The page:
the creative process is never linear

The creative process is never linear. Since it’s the end of the year and a convenient time for self reflection, I’ve recently realized something about myself:  I like to shoot my photos within the loose framework of a series. I may shoot under the larger umbrella of toys (or LEGO) but within my photographs you will see consistent themes running through my frequent social media posts.

I’m sure my themes are not as obvious as the Stormtroopers that populate the world of Mike and Kristina, or the women of Boris’s work or the Star Wars ships that dominate Vesa’s photos, but trust me they’re there. By shooting these mini themes, or to borrow an idea from Kristina, always shooting with a red thread in mind, I can slowly add to a larger body of work that I can fall back on as needed.

I break my work down into five general themes in order of importance:

  1. The Book
  2. Custom Robots
  3. Chima
  4. Classic Space
  5. Mix and Match

Whenever I go out shooting I make sure each of these themes are represented in my box of mini figures. I’m constantly pushing each individual idea along in hopes of one day having enough images that I can create something larger. My philosophy is that the sum is greater than the parts.

After the successful completion of my first book, the Runaway Bunny in 2014, I wanted to grow on that experience this year. At the beginning of 2015 my goal was to have enough images finished by August that I could begin assembling a new and much larger book. Not only did I fall short of that goal, but life had other surprises for me. When the last minute decision to have a second show at the Bryan Ohno Gallery came up, I was caught without anything suitable to show. I felt the second show was taking place too soon. But I wasn’t about to look a gift horse in the mouth, so I got to work.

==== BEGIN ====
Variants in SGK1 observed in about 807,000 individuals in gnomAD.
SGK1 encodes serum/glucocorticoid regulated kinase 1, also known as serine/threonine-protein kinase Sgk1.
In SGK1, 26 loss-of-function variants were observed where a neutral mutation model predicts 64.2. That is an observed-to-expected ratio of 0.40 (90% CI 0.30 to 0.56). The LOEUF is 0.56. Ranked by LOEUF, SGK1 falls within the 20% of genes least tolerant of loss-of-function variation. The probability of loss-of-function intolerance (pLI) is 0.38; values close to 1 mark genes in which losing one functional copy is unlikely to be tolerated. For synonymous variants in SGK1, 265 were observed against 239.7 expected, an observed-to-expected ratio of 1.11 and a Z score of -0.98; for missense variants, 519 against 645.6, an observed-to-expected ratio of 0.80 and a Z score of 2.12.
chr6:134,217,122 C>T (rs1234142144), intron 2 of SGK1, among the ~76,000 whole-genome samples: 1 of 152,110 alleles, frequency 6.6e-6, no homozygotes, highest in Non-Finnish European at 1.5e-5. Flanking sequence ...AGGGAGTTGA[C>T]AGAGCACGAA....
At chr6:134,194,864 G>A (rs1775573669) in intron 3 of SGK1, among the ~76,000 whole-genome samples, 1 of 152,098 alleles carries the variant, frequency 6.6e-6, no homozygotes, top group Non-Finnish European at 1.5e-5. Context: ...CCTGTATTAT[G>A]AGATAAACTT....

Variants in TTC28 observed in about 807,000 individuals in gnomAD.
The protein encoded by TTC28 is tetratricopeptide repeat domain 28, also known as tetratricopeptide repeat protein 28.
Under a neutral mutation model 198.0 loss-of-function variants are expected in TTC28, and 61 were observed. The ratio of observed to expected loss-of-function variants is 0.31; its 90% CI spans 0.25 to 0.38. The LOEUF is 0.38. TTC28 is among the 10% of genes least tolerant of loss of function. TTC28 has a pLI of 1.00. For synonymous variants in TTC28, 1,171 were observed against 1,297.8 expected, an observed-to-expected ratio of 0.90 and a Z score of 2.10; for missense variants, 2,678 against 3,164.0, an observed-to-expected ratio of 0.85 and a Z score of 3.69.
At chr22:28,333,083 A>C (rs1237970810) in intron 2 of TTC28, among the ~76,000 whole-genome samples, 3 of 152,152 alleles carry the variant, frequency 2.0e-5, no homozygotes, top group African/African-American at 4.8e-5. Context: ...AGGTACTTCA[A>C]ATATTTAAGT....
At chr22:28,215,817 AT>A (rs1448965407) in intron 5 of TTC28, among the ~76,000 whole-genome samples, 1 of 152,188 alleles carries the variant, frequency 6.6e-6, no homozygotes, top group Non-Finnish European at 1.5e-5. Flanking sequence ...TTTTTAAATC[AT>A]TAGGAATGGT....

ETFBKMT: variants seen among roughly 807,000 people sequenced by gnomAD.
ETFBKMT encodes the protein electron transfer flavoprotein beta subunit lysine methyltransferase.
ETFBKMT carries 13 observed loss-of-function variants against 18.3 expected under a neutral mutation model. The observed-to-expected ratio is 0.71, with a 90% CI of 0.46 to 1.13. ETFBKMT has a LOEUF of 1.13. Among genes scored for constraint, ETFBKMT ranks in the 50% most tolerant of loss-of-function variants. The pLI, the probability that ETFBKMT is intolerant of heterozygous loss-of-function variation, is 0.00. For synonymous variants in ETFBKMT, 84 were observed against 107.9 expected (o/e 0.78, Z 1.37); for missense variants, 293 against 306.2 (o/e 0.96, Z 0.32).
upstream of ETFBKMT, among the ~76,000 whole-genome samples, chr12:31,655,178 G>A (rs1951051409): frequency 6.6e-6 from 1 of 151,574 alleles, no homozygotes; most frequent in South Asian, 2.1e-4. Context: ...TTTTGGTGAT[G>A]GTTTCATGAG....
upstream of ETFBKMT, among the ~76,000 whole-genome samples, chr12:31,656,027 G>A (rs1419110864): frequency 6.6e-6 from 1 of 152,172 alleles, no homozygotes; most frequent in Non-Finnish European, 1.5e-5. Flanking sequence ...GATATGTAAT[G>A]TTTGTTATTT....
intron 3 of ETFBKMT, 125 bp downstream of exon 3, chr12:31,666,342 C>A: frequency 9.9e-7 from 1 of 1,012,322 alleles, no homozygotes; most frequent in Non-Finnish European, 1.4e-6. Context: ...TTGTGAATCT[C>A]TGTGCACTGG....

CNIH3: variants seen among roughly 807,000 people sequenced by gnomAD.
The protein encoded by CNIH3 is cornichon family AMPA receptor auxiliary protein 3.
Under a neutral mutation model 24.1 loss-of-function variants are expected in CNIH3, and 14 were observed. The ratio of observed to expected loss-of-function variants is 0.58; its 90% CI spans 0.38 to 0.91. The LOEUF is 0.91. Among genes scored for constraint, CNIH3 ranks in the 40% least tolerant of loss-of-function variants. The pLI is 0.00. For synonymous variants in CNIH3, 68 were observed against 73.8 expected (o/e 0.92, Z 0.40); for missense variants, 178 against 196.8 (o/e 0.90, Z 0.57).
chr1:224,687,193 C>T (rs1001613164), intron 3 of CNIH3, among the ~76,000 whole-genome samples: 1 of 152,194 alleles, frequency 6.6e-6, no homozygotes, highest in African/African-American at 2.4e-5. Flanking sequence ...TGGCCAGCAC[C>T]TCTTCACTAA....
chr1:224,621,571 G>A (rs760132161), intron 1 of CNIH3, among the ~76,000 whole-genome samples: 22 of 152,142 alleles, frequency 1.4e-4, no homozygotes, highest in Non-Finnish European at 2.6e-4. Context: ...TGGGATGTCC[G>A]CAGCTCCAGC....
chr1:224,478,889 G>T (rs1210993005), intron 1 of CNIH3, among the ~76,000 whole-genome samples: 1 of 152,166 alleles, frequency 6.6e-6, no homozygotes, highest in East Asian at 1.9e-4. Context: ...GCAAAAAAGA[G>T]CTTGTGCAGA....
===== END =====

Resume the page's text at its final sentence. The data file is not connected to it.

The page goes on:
I really wanted to showcase a series of classic space images for this group show, but the images I had taken so far hadn’t gelled into a cohesive set yet. When I scoured my other images, I realized the custom robot series I’d been working on all year had enough images to pull from that I could create a cohesive group of images to showcase. At this point I was very grateful that I had several ideas in play at once.

I know in my heart that I would have a stronger body of work if I was more single minded in my photography. I admire Mike, Kristina and Vesa in their singular visions, but frankly, I would bore myself if I worked this way. I like what happens when I take a seemingly random set of mini figures into the real world and see what develops. Sometimes the location is perfect for Classic Space, sometimes it’s more suited for The Book project. No matter which way the energy flows, I’m ready.

When it came time for me to put together my best of 12 images for our book challenge I had the most pleasant surprise…. a different book came flowing out unbidden. I’ve been shooting  the LEGO Chima line for almost three years and it seems that whatever has been going on in the back of my head during this time, was finally ready to reveal itself. The book I’d wanted to make at the beginning of the year wasn’t the book I ended up making. Rather than be disappointed, I was thrilled!